‘Speak…can’t you?’: Unseen Faces and Unusual Speech in Mary Barton

“She wanted them to read something in her face—her face so full of woe, of horror. But they went on without taking any notice.”[i]

The servants of the Carson household are the first to discover the news of Harry Carson’s death. They bear the news on their very faces, and it falls to them to deliver the message of his death to his family, whom they serve. In the scene in which this telling occurs, chapter 28, wordless expressions are met with ignorance, with a failure to see, much less recognize, misery or despair.

The first account of this unseeing occurs when Sophy Carson fails to read Parker’s countenance when she “authoritatively” calls for tea. Having entered the room, Parker’s face was “blanched to a dead whiteness…It was a terror-stricken face.”[ii] Further, we read that his lips were pressed, silently containing within the news of Harry Carson, whose body had just been brought in ten minutes prior. Parker seems to leave without his wordless expression of terror being recognized, and without speaking news of death. Instead, it is the nurse, this “anomalous” person in the house, as Gaskell writes—neither family nor single-office servant—who acts as the harbinger of despair. Here again, it is her countenance that makes known something of her purpose in entering the room, yet, again, she goes unrecognized by the Carson sisters. Coming into the room, the nurse “wanted them to look up. She wanted them to read something in her face—her face so full of woe, of horror. But they went on without taking any notice.”[iii] Only with an “unnatural” cough do the women recognize her presence and strained countenance; however, she is still hesitant, and cannot seem find the words to express the horror her face exhibits.

Now seeing the nurse, her stricken countenance, the Carson sisters implore her to tell them what is wrong, especially Sophy:

“Speak, speak, nurse!

“…Anything is better than this. Speak!”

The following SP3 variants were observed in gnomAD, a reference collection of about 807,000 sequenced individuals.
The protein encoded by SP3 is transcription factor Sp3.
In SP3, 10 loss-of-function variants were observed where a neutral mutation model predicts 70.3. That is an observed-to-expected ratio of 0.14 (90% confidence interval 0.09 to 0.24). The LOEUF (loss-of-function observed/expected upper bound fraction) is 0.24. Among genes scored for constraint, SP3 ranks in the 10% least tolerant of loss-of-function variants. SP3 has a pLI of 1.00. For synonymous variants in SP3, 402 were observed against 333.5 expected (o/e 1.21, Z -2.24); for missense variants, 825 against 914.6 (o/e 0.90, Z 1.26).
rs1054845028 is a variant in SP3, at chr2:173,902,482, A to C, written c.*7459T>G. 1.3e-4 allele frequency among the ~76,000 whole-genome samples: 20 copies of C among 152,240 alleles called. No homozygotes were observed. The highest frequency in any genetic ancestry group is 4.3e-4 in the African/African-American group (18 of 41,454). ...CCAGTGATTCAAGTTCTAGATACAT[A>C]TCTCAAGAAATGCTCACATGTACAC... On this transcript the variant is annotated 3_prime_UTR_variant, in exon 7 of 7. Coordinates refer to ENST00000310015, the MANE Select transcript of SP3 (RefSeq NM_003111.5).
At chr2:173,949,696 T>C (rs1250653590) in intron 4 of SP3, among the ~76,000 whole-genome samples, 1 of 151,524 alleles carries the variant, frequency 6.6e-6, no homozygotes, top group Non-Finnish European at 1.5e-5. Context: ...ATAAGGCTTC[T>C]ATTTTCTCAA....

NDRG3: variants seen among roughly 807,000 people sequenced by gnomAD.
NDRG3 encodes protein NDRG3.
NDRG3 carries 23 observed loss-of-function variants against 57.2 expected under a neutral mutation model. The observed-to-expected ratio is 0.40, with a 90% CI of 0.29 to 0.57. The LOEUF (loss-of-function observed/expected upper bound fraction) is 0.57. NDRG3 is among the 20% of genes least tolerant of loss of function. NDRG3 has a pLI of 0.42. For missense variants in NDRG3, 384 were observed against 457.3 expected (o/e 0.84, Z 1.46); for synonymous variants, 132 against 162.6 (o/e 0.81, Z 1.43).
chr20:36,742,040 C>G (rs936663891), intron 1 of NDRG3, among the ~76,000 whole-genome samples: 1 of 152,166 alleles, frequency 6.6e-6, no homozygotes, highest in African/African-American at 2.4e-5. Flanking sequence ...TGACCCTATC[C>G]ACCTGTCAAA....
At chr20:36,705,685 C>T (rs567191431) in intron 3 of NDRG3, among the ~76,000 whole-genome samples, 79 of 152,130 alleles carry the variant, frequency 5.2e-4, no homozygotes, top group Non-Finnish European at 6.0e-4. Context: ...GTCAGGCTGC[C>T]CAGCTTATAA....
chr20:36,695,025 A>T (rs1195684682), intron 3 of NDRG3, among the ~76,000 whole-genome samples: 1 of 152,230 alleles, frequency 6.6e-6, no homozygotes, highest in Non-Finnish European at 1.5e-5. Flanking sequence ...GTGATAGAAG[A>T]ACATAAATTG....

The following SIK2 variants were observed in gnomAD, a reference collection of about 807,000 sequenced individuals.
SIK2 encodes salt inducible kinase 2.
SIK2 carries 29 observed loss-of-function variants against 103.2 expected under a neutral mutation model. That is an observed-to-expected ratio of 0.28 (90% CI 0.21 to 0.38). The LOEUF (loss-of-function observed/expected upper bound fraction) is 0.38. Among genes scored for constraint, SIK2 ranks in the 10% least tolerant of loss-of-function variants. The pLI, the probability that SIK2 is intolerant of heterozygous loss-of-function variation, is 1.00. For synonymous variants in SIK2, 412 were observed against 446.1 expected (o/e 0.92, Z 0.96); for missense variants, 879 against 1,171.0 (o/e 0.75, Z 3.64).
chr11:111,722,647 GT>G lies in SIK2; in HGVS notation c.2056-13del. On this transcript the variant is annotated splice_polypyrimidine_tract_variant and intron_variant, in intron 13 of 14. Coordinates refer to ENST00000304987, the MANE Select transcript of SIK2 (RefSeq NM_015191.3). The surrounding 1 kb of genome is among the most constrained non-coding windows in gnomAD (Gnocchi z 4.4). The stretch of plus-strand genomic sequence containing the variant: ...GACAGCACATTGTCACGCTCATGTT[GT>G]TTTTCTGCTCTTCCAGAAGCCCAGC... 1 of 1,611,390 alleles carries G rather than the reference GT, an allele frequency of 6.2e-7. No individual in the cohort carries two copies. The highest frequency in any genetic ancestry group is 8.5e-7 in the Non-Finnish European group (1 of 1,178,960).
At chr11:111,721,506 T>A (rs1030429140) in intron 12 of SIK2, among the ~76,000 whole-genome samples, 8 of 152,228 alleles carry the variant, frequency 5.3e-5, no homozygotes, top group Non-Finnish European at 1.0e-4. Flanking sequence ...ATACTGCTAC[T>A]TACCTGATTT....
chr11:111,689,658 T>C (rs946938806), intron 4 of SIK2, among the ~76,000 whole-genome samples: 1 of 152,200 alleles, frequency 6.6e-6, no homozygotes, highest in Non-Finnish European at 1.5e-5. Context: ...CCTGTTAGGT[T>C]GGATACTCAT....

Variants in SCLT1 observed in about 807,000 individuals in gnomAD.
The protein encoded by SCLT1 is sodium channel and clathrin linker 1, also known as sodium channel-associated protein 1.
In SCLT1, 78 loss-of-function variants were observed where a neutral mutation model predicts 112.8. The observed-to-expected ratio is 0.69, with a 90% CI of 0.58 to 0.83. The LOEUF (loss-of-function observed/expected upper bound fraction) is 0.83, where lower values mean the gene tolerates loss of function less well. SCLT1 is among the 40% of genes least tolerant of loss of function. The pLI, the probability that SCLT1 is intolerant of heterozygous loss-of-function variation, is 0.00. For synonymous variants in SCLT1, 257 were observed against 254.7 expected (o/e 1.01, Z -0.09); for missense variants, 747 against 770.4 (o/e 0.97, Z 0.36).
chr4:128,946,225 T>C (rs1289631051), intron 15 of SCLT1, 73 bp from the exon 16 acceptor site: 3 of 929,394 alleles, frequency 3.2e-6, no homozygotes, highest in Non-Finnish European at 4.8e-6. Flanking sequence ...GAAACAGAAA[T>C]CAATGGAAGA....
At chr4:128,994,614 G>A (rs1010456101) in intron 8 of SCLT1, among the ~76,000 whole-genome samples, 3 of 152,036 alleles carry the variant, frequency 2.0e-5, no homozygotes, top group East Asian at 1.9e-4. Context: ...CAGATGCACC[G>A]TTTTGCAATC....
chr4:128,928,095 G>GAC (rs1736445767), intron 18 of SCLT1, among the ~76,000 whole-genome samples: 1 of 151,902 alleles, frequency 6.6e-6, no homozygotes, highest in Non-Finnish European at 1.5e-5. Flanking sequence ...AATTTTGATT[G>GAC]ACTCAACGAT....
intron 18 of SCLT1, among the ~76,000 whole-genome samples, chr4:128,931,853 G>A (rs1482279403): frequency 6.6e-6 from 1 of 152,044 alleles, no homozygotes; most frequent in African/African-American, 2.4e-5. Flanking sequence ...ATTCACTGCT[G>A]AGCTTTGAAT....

Finally, the nurse tells them of Harry’s death, yet she cannot bear to tell the whole truth of the matter. Instead she tells it to them in pieces, gradually leading to the worst of story, how Harry died. This she only seems to tell directly to Sophy. And with this, we see a reversal of affect between the servants, namely the nurse, and the Carsons. With the knowledge of her brother’s death, Sophy is speechless, struck dumb, only mouthing wordlessly. Her faced “worked involuntarily” as the nurse requested Sophy to speak, to tell Mr. Carson the news of his son’s death.[iv]

Interestingly, the following scene echoes much of what happened previously. While Sophy tries to wake her father, alluding to something sad happening, he doesn’t see her face. In fact, it is again the nurse who is the first to speak of the matter directly and, again, it is the nurse’s “unusual speech” that calls for his attention.[v] Now attentive, he can see from Sophy’s face that something is wrong: “What are you looking at me so strangely for, Sophy?”[vi] Startled by the nurse, Sophy’s countenance, and their contradicting statements of Harry’s whereabouts, Mr. Carson demands to know what has happened (directed primarily to Sophy): “Tell me at once what’s the matter…Speak, child, can’t you?”[vii]

This interesting interplay between the failing to recognize, unusual speech, and the direct request for speech seems to suggest something of the way in which knowledge is conveyed between classes. What is to be done when the terror-stricken faces go unseen? What type of unusual speech can best gain attention? As we’ve seen in the first half of the novel, there is a sense in which the classes—the servants and those served, the poor and the rich, etc.—do not really know how to speak to one another. Yet, importantly, in these scenes the knowledge conveyed is in regard to Harry Carson, one of the wealthy, and the sad circumstances of his death.

To this, it is interesting that Gaskell highlights the character of the nurse as a type of mediator. While the servants know of Harry Carson’s death before his family, it falls to the nurse to break the news. The nurse, unnamed save that title given for her first office, as Gaskell notes, holds a “rather an anomalous situation in the family.”[viii] She is not family nor is she friend, but, because of her length of service, she has some level of intimacy with the Carson family. She is a mother-like figure to the Carson sisters, a nurturer and caretaker of the family—even in death. Yet throughout the scene the nurse remains an anomaly, still to the end when she is called away: “It seemed strange to Sophy to hear nurse summoned from her mother’s side to supper, in the middle of the night, and still stranger that she could go.”[ix] The nurse is both present and absent; a person who knows the family, cares for them intimately, but yet is not part of the family. What, then, characterizes the fittingness of her role as mediator? What does it say about how knowledge shared or conveyed between classes?

 

[i] Elizabeth Cleghorn Gaskell, Mary Barton, Kindle edition, 262.

[ii] Ibid., 251.

[iii] Ibid., 252.

[iv] Ibid., 253.

[v] Ibid., 254.

[vi] Ibid.

[vii] Ibid.

[viii] Ibid., 252.

[ix] Ibid., 262.

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